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OP-ED: Traveling the roads around town

Dawn Burleigh,
General Manager/Editor

Ice is just as detrimental to our roads as the flood waters of Harvey and Imelda.

As the frozen waters melted, new potholes were left behind in the wake. While we like to have a person to blame, it is not fault of Road and Bridge crews throughout the area but the destructive damage of H2O.

TxDOT sent out an alert for alternating lane closures along Interstate 10 east and westbound near Walden in Beaumont on Tuesday specifically for crews to repair potholes.

While watching out for pavement divots, what about watching the speed limits as well?

Roads in front of schools have flashing amber lights and signs stating 20 MPH when lights flashing. Yet, at several locations throughout the county, drivers see those signs as ‘suggestions’ just as they see 45 MPH on MacArthur Drive as a suggestion.

Tuesday morning, as I drove behind a truck going approximately just over 40 MPH, I noticed other vehicles passing around us and swerving in and out of traffic. Yes, the truck was going under the speed limit, but not enough to justify the rush all the other drivers were showing.

We already know that stretch of road is deadly and we have to pay extra attention as we travel it. So why rush and risk becoming the next statistic of the road?

One day, Orange Police Department is going to park a couple of their patrol vehicles by West Orange Stark Junior High and hand out tickets to all those who exceed the 30 MPH when the lights are not flashing. Although, they could hand out even more when the lights are flashing and drivers pass those going 20 MPH.

“20 Texas counties actually had zero deaths on their roadways – that tells me we can end the streak of daily deaths in Texas,” Texas Transportation Commissioner Laura Ryan said. “This is why in 2019 the Texas Transportation Commission adopted a new goal of having zero deaths on our roadways by 2050, and to cut the number of fatalities in half by 2035. We will do our part; and we need drivers to do theirs.”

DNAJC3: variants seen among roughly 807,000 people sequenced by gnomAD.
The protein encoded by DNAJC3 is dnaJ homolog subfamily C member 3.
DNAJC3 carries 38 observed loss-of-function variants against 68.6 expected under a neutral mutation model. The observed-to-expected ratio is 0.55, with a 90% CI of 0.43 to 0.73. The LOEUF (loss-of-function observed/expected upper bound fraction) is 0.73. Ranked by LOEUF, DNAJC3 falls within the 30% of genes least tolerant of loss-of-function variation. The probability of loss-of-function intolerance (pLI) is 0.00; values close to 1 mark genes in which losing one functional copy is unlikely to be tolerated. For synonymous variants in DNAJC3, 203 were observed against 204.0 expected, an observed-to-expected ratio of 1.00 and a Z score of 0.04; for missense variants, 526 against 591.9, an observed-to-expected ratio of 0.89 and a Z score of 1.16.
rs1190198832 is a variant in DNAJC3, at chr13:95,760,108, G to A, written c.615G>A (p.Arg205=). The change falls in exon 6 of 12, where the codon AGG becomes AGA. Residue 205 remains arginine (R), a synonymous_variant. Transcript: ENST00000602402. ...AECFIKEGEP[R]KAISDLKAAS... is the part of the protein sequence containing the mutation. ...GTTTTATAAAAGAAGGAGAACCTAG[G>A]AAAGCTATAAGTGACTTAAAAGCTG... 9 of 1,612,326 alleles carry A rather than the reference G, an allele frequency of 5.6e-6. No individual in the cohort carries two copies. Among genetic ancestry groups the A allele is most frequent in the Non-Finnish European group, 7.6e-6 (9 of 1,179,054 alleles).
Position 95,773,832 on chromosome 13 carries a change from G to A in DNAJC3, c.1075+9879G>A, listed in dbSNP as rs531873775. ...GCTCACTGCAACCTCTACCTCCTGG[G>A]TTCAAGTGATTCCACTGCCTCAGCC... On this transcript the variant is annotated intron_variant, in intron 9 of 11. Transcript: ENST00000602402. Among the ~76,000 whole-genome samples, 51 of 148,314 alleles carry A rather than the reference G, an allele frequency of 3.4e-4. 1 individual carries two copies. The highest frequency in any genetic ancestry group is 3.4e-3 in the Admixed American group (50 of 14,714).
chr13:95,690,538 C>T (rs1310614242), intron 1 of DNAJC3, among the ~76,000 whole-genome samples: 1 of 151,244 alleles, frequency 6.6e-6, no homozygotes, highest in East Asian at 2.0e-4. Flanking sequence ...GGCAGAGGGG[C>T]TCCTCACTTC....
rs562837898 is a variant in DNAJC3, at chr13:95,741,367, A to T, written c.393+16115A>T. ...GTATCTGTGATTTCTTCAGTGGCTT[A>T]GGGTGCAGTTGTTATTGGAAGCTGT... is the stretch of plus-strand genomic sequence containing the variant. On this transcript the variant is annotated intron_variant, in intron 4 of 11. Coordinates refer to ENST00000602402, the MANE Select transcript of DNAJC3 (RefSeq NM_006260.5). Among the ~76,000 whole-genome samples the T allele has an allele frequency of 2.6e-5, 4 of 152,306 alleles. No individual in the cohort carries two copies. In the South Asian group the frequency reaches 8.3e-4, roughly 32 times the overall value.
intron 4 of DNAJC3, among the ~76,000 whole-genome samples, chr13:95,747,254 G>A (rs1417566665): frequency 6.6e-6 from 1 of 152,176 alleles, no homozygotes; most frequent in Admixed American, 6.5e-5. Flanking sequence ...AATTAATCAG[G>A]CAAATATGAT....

An average of 10 people die every day in crashes in the state.

During the height of the COVID-19 pandemic, traffic levels on Texas highways dropped nearly 44 percent in some parts of the state. This decrease in traffic encouraged TxDOT to think the horrific streak might finally come to an end. Instead, the death rate was unchanged, even with fewer drivers on Texas roads.

“We can and we must do better,” said Ryan.

MacArthur Drive has already claimed too many lives.

Loleecia Hughey, 2, was killed when a vehicle hit her Nov. 23, 2011, in the 2500 block of MacArthur, the day after Thanksgiving. Loleecia’s death prompted requests for lights along the street.

Ava Lewis, 25 and her daughter, LaMya Newhouse, 6, were killed in a 2015 double fatal auto-pedestrian on MacArthur Drive.

Be more cautious as you travel the roads. Watch out for pedestrians, potholes and be mindful of the speed limits. Those flashing amber lights are not suggestions.

Dawn Burleigh is general manager and editor of The Orange Leader. She can be reached at dawn.burleigh@orangeleader.com